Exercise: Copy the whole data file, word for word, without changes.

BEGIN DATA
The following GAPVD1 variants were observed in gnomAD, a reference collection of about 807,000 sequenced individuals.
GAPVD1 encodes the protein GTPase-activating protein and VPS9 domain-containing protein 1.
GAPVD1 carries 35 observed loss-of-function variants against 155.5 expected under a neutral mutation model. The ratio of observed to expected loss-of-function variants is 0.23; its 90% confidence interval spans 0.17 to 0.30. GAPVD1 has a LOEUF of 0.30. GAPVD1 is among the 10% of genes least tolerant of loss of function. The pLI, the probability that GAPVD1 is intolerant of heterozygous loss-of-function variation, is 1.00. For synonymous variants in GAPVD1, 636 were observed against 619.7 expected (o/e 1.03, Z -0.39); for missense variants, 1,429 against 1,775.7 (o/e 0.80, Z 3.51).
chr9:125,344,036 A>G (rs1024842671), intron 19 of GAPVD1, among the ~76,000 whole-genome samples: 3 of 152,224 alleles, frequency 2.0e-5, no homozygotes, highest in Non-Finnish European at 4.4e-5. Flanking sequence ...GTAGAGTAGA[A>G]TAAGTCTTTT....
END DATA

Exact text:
The following GAPVD1 variants were observed in gnomAD, a reference collection of about 807,000 sequenced individuals.
GAPVD1 encodes the protein GTPase-activating protein and VPS9 domain-containing protein 1.
GAPVD1 carries 35 observed loss-of-function variants against 155.5 expected under a neutral mutation model. The ratio of observed to expected loss-of-function variants is 0.23; its 90% confidence interval spans 0.17 to 0.30. GAPVD1 has a LOEUF of 0.30. GAPVD1 is among the 10% of genes least tolerant of loss of function. The pLI, the probability that GAPVD1 is intolerant of heterozygous loss-of-function variation, is 1.00. For synonymous variants in GAPVD1, 636 were observed against 619.7 expected (o/e 1.03, Z -0.39); for missense variants, 1,429 against 1,775.7 (o/e 0.80, Z 3.51).
chr9:125,344,036 A>G (rs1024842671), intron 19 of GAPVD1, among the ~76,000 whole-genome samples: 3 of 152,224 alleles, frequency 2.0e-5, no homozygotes, highest in Non-Finnish European at 4.4e-5. Flanking sequence ...GTAGAGTAGA[A>G]TAAGTCTTTT....